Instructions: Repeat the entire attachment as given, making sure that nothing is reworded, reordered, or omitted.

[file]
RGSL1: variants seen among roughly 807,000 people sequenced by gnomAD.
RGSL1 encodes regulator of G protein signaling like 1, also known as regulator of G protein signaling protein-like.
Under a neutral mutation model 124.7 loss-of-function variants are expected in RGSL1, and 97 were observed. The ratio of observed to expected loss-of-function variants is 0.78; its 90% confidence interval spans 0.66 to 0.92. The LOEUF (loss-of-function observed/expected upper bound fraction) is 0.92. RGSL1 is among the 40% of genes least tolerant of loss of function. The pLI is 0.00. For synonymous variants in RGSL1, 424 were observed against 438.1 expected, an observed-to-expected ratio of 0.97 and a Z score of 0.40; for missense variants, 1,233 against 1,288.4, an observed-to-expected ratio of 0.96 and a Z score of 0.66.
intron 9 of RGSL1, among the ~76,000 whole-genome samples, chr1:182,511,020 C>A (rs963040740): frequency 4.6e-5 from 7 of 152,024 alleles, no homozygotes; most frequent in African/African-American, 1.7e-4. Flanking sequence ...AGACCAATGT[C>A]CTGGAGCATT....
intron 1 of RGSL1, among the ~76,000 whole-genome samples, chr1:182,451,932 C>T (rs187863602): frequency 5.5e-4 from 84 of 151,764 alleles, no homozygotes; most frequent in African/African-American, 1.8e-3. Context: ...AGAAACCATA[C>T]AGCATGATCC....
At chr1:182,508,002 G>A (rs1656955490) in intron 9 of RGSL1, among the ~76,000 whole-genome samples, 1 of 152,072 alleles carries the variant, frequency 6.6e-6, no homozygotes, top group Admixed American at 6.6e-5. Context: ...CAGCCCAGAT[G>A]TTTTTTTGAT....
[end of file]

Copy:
RGSL1: variants seen among roughly 807,000 people sequenced by gnomAD.
RGSL1 encodes regulator of G protein signaling like 1, also known as regulator of G protein signaling protein-like.
Under a neutral mutation model 124.7 loss-of-function variants are expected in RGSL1, and 97 were observed. The ratio of observed to expected loss-of-function variants is 0.78; its 90% confidence interval spans 0.66 to 0.92. The LOEUF (loss-of-function observed/expected upper bound fraction) is 0.92. RGSL1 is among the 40% of genes least tolerant of loss of function. The pLI is 0.00. For synonymous variants in RGSL1, 424 were observed against 438.1 expected, an observed-to-expected ratio of 0.97 and a Z score of 0.40; for missense variants, 1,233 against 1,288.4, an observed-to-expected ratio of 0.96 and a Z score of 0.66.
intron 9 of RGSL1, among the ~76,000 whole-genome samples, chr1:182,511,020 C>A (rs963040740): frequency 4.6e-5 from 7 of 152,024 alleles, no homozygotes; most frequent in African/African-American, 1.7e-4. Flanking sequence ...AGACCAATGT[C>A]CTGGAGCATT....
intron 1 of RGSL1, among the ~76,000 whole-genome samples, chr1:182,451,932 C>T (rs187863602): frequency 5.5e-4 from 84 of 151,764 alleles, no homozygotes; most frequent in African/African-American, 1.8e-3. Context: ...AGAAACCATA[C>T]AGCATGATCC....
At chr1:182,508,002 G>A (rs1656955490) in intron 9 of RGSL1, among the ~76,000 whole-genome samples, 1 of 152,072 alleles carries the variant, frequency 6.6e-6, no homozygotes, top group Admixed American at 6.6e-5. Context: ...CAGCCCAGAT[G>A]TTTTTTTGAT....